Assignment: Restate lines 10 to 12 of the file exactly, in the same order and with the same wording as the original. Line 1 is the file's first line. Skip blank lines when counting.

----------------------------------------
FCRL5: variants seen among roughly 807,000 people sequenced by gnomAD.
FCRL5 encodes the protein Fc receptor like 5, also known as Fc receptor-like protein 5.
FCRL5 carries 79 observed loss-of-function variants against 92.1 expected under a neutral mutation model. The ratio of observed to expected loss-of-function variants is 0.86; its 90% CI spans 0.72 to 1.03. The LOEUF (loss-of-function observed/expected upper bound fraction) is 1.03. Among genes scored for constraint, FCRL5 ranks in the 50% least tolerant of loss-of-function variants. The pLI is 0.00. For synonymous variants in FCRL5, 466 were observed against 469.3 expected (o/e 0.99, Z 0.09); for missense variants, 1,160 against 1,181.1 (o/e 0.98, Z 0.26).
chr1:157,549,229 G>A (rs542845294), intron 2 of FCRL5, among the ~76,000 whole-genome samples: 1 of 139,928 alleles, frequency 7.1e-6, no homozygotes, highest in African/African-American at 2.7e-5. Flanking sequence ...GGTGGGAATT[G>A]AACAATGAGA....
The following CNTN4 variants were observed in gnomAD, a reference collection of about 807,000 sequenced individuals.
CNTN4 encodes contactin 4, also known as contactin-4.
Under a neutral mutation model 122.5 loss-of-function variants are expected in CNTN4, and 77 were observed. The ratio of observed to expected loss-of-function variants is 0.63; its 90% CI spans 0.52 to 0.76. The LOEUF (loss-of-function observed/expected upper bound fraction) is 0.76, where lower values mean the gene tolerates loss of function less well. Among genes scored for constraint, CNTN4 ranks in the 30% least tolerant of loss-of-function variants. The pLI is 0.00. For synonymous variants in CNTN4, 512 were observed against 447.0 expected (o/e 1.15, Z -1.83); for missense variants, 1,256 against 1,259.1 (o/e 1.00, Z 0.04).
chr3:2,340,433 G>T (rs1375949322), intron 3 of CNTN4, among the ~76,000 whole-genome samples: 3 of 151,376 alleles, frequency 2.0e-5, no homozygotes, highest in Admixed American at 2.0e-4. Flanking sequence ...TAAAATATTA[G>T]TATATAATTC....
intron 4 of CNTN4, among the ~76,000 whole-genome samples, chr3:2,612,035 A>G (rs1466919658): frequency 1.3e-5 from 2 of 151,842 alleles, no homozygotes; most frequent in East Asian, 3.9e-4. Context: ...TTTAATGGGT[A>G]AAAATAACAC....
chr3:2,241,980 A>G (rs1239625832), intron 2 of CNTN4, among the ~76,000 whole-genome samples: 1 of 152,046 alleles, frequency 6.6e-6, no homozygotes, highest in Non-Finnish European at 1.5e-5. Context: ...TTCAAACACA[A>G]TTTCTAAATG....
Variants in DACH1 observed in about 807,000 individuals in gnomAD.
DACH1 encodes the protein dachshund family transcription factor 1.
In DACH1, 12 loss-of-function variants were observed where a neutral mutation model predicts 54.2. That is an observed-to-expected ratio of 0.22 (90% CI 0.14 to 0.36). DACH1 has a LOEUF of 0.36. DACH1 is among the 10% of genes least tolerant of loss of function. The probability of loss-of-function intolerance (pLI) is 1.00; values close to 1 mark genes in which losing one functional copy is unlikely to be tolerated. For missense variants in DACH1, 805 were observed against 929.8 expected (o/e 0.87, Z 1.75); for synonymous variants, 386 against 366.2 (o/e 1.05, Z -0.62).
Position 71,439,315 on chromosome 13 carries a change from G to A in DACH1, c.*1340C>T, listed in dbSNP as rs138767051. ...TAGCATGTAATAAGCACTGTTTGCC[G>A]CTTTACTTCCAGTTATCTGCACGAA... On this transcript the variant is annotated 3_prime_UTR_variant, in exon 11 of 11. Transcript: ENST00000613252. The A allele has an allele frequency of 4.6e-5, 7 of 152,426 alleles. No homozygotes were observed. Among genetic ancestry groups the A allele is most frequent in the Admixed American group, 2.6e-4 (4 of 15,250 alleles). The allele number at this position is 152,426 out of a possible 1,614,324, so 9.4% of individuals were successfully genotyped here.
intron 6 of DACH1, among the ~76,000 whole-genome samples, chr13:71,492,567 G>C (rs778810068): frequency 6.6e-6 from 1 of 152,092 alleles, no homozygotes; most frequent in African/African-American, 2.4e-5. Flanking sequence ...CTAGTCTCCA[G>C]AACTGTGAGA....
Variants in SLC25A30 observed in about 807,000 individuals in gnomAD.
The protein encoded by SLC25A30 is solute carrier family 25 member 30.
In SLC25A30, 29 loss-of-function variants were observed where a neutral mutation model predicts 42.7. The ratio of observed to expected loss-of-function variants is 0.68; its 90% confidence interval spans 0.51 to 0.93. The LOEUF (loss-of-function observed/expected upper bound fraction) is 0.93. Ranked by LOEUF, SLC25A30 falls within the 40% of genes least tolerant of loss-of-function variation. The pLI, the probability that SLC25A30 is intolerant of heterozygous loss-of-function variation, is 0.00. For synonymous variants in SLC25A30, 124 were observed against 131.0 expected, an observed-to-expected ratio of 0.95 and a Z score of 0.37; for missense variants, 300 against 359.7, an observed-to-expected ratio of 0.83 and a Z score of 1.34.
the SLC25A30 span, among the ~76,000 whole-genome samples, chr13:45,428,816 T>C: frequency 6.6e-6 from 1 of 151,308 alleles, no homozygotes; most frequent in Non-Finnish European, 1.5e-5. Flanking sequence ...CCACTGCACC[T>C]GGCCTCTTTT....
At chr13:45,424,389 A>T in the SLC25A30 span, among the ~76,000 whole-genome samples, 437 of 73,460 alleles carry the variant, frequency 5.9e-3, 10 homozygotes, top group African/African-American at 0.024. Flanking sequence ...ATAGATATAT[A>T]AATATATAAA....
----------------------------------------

chr3:2,241,980 A>G (rs1239625832), intron 2 of CNTN4, among the ~76,000 whole-genome samples: 1 of 152,046 alleles, frequency 6.6e-6, no homozygotes, highest in Non-Finnish European at 1.5e-5. Context: ...TTCAAACACA[A>G]TTTCTAAATG....
Variants in DACH1 observed in about 807,000 individuals in gnomAD.
DACH1 encodes the protein dachshund family transcription factor 1.